It used to be a community of sorts, a haven for some of Umatilla’s most down and out.
Now the stretch of woods along the Umatilla River between the high school and River Road is quiet. The improvised homeless camp that used to be nestled against the river banks is gone. In its place is a red and white sign proclaiming “No camping,” the “N” defiantly whited out.
City Manager Bob Ward said the sign is part of the city’s enforcement of an ordinance passed Sept. 1 that banned living in tents inside city limits. After people living near the river were put on notice by the city that they needed to move or be cited, Ward said the camp was abandoned and its tenants seemed to have moved upriver out of the city.
“When they moved out what remained was not a pleasant sight,” he said.
Ward said the city’s public works department had been cleaning out the debris, including 14 empty propane tanks, at least some of which were suspected stolen property.
He said law enforcement had tried to make sure those who were contacted about moving out of the city were given information about available help, including the free Kayak Public Transit bus that can take people from Umatilla to Hermiston for a visit to the Agape House or other resources.
“I really don’t want to in any way diminish the plight of the homeless population, but this is not just someone struggling to survive in the woods,” Ward said. “These are places that are unsafe to live due to illegal activity and unhygienic conditions.”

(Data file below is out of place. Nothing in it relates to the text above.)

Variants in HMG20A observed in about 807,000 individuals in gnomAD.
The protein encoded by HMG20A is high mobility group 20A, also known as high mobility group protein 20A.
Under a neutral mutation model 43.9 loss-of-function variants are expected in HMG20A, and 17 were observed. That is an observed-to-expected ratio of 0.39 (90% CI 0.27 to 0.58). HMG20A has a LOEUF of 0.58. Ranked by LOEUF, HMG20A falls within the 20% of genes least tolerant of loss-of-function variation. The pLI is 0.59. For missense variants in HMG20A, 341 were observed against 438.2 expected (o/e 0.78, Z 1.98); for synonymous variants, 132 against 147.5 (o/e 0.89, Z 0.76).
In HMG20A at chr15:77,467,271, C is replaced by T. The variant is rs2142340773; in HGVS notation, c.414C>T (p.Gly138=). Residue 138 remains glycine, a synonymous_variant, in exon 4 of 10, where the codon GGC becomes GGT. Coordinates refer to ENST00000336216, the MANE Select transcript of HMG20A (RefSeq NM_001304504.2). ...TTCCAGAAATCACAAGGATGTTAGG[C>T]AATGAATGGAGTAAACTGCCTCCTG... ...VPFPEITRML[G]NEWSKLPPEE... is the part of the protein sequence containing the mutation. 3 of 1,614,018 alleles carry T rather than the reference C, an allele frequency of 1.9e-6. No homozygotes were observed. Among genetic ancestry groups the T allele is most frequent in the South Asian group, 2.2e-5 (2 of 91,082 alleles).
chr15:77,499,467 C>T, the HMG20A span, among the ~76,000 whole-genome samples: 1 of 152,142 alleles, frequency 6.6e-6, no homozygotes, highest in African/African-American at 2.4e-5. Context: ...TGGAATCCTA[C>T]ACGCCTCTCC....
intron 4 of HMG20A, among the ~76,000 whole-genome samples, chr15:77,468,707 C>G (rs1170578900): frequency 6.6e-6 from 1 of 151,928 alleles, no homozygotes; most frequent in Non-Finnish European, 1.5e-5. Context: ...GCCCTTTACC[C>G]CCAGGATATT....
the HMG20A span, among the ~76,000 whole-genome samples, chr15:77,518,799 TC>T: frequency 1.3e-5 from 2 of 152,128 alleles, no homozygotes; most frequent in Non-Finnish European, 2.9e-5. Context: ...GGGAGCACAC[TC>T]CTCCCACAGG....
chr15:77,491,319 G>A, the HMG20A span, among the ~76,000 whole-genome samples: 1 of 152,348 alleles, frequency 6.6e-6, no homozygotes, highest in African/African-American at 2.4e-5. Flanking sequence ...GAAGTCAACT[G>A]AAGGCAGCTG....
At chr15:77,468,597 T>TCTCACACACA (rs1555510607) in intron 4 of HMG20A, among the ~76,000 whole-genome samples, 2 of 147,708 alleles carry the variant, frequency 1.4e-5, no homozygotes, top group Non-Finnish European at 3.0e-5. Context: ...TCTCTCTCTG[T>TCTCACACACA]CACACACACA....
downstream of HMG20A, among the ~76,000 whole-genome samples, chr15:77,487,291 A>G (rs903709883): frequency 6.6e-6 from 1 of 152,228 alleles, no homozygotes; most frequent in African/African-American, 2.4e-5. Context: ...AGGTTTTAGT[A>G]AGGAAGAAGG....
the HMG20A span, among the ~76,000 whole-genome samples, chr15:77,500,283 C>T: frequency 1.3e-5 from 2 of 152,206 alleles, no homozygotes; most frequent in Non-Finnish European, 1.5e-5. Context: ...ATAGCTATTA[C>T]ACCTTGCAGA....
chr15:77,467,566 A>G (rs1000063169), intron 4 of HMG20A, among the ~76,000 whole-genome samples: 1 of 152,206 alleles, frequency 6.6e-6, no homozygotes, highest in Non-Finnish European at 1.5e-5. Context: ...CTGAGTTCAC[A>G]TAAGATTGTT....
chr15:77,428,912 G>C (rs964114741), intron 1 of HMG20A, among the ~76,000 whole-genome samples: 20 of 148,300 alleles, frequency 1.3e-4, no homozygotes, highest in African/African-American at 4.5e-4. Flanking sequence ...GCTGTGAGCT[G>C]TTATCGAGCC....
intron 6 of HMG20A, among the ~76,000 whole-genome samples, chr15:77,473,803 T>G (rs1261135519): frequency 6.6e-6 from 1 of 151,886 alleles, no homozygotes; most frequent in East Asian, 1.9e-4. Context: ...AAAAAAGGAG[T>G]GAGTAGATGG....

At the same time the Umatilla Police Department was directing people to move out of the camps along the Umatilla River, a private property owner in Hermiston decided to clear out trees along the Hermiston Ditch behind Wal-Mart that had often given shelter to some of Hermiston’s homeless population.
Hermiston Police Department Chief Jason Edmiston said the burning of the trees along the ditch was not initiated by law enforcement, but the property owner did contact the department to ask if officers could be sent beforehand to notify people of the plan to destroy the trees. Edmiston said the department assisted in notifying people they were on private property.
David Hughes of the Agape House said when cities or property owners undertake an effort to clear out a homeless camp it may take care of that particular site, but the people who were living there almost always just move to a different place.
“Unfortunately that does not solve the problem. You need a long-range plan to get them off drugs and off the streets,” he said.
He said many chronically homeless people have issues with drugs and mental health, but unfortunately the state hasn’t given communities the resources to fund mental health programs at the level they are needed.
As the holiday season approaches and people are in a more giving mood, Hughes said a donation to an established charity such as the Agape House, Salvation Army or a church can do more to help the area’s homeless residents than giving money to a person asking for it on a street corner.
Contact Jade McDowell at email@example.com or 541-564-4536.